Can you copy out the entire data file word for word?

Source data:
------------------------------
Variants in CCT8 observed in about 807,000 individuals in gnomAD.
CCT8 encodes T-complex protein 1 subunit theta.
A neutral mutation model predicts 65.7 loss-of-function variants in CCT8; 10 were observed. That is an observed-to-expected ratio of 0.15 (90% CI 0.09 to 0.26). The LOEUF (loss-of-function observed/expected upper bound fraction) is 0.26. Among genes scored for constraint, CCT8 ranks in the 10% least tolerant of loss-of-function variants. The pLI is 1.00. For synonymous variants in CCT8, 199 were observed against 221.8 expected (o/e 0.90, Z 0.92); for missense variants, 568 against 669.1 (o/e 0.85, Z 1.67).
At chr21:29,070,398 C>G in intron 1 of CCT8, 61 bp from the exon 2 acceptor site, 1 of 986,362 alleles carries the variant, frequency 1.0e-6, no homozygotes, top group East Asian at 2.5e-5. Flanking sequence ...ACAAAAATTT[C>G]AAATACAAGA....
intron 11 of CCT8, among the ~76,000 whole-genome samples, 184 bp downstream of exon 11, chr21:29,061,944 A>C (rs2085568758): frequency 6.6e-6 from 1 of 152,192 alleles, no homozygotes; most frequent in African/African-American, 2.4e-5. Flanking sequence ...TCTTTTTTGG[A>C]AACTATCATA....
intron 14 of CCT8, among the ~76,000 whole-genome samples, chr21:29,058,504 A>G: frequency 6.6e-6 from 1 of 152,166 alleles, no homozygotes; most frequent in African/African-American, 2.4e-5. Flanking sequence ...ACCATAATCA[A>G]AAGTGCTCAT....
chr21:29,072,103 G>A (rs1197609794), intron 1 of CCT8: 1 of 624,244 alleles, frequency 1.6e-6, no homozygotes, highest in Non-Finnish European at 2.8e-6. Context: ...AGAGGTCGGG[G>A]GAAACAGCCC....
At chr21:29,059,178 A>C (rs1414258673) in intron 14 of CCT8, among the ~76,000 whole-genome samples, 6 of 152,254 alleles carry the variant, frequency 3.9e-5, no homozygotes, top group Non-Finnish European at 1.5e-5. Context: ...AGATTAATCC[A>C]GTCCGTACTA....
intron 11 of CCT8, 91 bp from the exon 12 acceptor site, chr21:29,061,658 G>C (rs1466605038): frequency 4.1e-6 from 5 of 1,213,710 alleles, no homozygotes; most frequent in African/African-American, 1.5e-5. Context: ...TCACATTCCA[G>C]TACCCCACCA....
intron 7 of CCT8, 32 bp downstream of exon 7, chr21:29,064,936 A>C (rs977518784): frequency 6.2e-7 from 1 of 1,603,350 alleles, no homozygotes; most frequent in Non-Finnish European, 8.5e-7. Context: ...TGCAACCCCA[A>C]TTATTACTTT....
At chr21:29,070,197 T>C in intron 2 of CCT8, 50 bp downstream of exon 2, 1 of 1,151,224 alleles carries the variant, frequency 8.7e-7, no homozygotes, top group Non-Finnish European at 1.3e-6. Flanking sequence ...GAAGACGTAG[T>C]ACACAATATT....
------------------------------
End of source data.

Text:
Variants in CCT8 observed in about 807,000 individuals in gnomAD.
CCT8 encodes T-complex protein 1 subunit theta.
A neutral mutation model predicts 65.7 loss-of-function variants in CCT8; 10 were observed. That is an observed-to-expected ratio of 0.15 (90% CI 0.09 to 0.26). The LOEUF (loss-of-function observed/expected upper bound fraction) is 0.26. Among genes scored for constraint, CCT8 ranks in the 10% least tolerant of loss-of-function variants. The pLI is 1.00. For synonymous variants in CCT8, 199 were observed against 221.8 expected (o/e 0.90, Z 0.92); for missense variants, 568 against 669.1 (o/e 0.85, Z 1.67).
At chr21:29,070,398 C>G in intron 1 of CCT8, 61 bp from the exon 2 acceptor site, 1 of 986,362 alleles carries the variant, frequency 1.0e-6, no homozygotes, top group East Asian at 2.5e-5. Flanking sequence ...ACAAAAATTT[C>G]AAATACAAGA....
intron 11 of CCT8, among the ~76,000 whole-genome samples, 184 bp downstream of exon 11, chr21:29,061,944 A>C (rs2085568758): frequency 6.6e-6 from 1 of 152,192 alleles, no homozygotes; most frequent in African/African-American, 2.4e-5. Flanking sequence ...TCTTTTTTGG[A>C]AACTATCATA....
intron 14 of CCT8, among the ~76,000 whole-genome samples, chr21:29,058,504 A>G: frequency 6.6e-6 from 1 of 152,166 alleles, no homozygotes; most frequent in African/African-American, 2.4e-5. Flanking sequence ...ACCATAATCA[A>G]AAGTGCTCAT....
chr21:29,072,103 G>A (rs1197609794), intron 1 of CCT8: 1 of 624,244 alleles, frequency 1.6e-6, no homozygotes, highest in Non-Finnish European at 2.8e-6. Context: ...AGAGGTCGGG[G>A]GAAACAGCCC....
At chr21:29,059,178 A>C (rs1414258673) in intron 14 of CCT8, among the ~76,000 whole-genome samples, 6 of 152,254 alleles carry the variant, frequency 3.9e-5, no homozygotes, top group Non-Finnish European at 1.5e-5. Context: ...AGATTAATCC[A>C]GTCCGTACTA....
intron 11 of CCT8, 91 bp from the exon 12 acceptor site, chr21:29,061,658 G>C (rs1466605038): frequency 4.1e-6 from 5 of 1,213,710 alleles, no homozygotes; most frequent in African/African-American, 1.5e-5. Context: ...TCACATTCCA[G>C]TACCCCACCA....
intron 7 of CCT8, 32 bp downstream of exon 7, chr21:29,064,936 A>C (rs977518784): frequency 6.2e-7 from 1 of 1,603,350 alleles, no homozygotes; most frequent in Non-Finnish European, 8.5e-7. Context: ...TGCAACCCCA[A>C]TTATTACTTT....
At chr21:29,070,197 T>C in intron 2 of CCT8, 50 bp downstream of exon 2, 1 of 1,151,224 alleles carries the variant, frequency 8.7e-7, no homozygotes, top group Non-Finnish European at 1.3e-6. Flanking sequence ...GAAGACGTAG[T>C]ACACAATATT....